Seriously Italian: Zabaione, My Way
After over a decade at Babbo, I've made a helluva lot of zabaione. Enough to fill Fiat Cinquecento, I'd say, and I never grow tired of it. Zabaione, or its alternate spelling of Zabaglione, is a marvel of a dessert—with three basic ingredients and a bit of practice at whisking over a water bath, you are rewarded with a warm, boozy, egg-y cloud of deliciousness, the down comforter of the dolci universe.
It is also the ideal last-minute dessert fix; all you need to make a fantastic zabaione is egg yolks, wine, sugar, and some good arm muscle. The basic formula to serve four generously is 4 egg yolks, 1/4 cup wine (or a combination of wine and spirits), and 1/4 cup sugar. I like to add a tiny pinch of salt to enhance the flavor. The recipe can be doubled to serve a crowd, and modified slightly to play with the flavors. Try not to stray too far from these proportions, however; zabaione is an emulsion, and the proportion of fat to liquid plays an important role.
I like to make my zabaione with Vin Santo, because it is a wine with both sweetness and acidity. I sometimes combine the Vin Santo with rum or grappa; you can use brandy or any infused spirit to create whatever flavor you want. Marsala creates the flavor that most Americans are familiar with, but in Italy, the wine of choice is usually something local, which isn't difficult since every region produces at least one sweet wine. In Piedmont, where zabaione originated, it is often made with bubbly Moscato D'Asti, or Brachetto D'Acqui.
It is important be familiar with the flavor of whatever wine you choose. Some dessert wines are high on the sweet scale, and in that case you may start with a larger proportion of something drier, adding the sweeter wine as an accent, or adding one or two teaspoons of fresh lemon juice to balance things out.
The list of ingredients for zabaione may be short, but the devil is in the details. Start off with selecting the right bowl. At Babbo, I use a heavy copper bowl that once belonged to the Coach House, and it works just beautifully. Copper conducts the heat from the boiling water bath evenly, allowing you to control the cooking process. If you don't have a copper bowl, glass is the next best choice; its insular properties prevent the zabaione from overcooking in spots. The goal is to create heavenly, luxurious foam. Thin, stainless steel or ceramic bowls heat far too quickly and unevenly, and before you know it, you've made an omelet. Plastic is just a plain no-no.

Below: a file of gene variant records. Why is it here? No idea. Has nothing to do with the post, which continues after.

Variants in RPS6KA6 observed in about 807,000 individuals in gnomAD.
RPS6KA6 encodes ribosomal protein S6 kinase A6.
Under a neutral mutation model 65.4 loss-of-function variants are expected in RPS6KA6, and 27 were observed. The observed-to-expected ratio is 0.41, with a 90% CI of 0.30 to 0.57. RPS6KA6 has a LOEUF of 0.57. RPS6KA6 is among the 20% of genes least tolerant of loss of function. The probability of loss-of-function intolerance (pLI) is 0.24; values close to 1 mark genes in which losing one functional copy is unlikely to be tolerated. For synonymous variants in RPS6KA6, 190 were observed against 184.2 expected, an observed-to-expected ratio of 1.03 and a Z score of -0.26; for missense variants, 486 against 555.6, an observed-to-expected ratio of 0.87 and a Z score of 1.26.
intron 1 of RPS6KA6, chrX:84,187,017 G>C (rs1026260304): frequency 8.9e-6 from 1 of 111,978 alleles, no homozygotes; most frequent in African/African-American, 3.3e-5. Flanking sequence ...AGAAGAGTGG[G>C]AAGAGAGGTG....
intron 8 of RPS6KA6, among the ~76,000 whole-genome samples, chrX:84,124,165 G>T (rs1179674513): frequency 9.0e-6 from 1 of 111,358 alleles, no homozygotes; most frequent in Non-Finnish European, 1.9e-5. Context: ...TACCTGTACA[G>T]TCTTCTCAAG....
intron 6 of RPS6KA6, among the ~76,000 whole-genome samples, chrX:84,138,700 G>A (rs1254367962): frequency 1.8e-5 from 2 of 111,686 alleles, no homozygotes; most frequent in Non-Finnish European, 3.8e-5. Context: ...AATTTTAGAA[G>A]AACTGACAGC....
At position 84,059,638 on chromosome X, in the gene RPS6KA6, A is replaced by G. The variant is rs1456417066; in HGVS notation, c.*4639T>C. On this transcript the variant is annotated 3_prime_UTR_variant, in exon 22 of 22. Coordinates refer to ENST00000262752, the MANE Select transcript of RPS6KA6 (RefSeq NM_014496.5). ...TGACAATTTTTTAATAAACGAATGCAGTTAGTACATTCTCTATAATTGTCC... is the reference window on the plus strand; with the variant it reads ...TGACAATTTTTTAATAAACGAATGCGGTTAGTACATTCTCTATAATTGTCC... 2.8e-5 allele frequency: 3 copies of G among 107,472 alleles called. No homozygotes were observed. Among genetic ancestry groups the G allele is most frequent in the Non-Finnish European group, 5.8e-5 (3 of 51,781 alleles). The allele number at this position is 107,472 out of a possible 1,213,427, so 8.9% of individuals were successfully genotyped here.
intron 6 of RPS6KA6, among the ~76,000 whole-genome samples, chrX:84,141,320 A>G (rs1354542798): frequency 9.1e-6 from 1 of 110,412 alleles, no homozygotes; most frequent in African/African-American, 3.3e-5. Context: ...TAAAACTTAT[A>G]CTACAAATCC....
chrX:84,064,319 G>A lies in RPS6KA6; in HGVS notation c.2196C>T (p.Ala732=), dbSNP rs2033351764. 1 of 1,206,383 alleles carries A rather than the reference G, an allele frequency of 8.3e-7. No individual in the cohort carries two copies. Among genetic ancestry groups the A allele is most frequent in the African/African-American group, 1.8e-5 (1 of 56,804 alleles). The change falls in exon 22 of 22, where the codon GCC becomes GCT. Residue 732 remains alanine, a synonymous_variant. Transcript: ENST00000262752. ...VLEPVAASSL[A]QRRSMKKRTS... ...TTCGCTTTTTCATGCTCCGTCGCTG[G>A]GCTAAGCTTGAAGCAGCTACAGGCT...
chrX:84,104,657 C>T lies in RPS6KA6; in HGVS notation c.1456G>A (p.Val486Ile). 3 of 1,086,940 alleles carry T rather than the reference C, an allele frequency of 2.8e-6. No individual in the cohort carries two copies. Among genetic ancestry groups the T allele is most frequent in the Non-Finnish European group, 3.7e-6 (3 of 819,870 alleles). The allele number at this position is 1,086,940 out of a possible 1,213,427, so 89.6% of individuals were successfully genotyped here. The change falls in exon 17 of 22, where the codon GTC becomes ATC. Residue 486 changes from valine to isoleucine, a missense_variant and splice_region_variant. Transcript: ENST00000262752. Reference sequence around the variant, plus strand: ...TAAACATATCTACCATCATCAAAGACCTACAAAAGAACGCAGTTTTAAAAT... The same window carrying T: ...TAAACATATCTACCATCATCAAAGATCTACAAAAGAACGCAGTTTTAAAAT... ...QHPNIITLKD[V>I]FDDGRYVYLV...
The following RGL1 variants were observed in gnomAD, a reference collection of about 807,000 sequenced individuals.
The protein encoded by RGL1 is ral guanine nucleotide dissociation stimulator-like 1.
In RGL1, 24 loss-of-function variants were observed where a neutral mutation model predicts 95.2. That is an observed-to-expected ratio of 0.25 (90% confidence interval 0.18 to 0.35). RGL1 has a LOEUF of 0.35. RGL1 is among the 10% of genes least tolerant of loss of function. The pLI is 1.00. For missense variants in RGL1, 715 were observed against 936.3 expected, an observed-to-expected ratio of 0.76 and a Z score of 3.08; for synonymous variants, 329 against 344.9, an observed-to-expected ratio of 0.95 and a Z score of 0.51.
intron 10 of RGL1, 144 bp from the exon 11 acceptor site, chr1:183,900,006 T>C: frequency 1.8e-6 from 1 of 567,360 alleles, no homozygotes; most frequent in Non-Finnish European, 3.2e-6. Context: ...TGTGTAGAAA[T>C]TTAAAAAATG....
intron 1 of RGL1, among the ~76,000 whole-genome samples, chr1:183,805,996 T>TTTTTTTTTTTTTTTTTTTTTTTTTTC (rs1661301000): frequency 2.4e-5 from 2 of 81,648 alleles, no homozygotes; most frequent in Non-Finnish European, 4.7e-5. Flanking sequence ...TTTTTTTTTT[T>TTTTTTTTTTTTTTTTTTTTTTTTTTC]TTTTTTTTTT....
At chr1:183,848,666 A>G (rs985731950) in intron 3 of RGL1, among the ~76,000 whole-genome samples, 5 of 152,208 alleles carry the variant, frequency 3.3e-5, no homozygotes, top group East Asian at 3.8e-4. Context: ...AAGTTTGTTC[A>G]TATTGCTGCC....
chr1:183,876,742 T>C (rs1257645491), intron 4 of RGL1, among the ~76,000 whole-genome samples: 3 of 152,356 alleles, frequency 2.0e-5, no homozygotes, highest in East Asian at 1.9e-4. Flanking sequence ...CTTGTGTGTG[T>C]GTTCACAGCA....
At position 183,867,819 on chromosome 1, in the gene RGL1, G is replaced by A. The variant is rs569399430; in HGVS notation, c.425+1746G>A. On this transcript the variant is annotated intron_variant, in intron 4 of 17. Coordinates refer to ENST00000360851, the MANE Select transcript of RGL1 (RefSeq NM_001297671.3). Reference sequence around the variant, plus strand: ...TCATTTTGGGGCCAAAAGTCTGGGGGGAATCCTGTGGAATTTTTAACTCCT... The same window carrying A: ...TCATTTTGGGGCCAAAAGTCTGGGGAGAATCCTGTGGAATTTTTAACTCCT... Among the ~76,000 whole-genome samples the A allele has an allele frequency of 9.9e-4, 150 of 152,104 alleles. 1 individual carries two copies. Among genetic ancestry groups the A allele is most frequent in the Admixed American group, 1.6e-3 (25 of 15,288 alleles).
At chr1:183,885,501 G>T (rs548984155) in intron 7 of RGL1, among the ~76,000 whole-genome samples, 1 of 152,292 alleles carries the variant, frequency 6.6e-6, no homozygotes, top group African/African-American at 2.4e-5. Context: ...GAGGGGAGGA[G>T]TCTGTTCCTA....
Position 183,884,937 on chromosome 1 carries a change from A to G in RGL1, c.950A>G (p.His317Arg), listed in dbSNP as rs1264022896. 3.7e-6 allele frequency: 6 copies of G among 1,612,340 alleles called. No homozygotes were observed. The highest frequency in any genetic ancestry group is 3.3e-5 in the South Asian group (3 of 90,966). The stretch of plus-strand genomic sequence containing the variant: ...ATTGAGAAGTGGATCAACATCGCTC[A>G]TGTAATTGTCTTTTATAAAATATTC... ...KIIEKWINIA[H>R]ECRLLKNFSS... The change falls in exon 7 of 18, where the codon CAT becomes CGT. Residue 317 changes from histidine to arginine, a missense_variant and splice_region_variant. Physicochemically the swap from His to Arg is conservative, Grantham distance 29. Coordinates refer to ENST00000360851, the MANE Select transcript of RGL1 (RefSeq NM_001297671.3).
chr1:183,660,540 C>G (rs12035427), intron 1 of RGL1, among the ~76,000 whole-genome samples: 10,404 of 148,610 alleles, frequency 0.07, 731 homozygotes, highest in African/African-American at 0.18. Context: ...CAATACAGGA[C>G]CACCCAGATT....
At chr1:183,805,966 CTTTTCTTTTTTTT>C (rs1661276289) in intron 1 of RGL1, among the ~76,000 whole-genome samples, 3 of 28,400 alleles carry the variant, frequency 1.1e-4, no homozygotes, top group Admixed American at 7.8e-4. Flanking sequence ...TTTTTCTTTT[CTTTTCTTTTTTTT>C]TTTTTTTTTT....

The pot that you choose for your boiling water bath, or bagno maria should fit the bottom and about one-half the sides of your bowl, allowing it to fit snugly and comfortably without too much tilting to one side or the other. You should be able to lift the bowl (with potholders or a kitchen towel to protect your hands) off the pot without too much difficulty.
It is also important to use a round bowl, not one with a squared or angled bottom, so the whisk travels smoothly across and through it. The final consideration when matching your pot to your bowl is depth; you should be able to simmer at least 4 inches or so of water, with a good inch of space between the water and the bottom of the bowl; be careful not to allow the water to touch the bowl.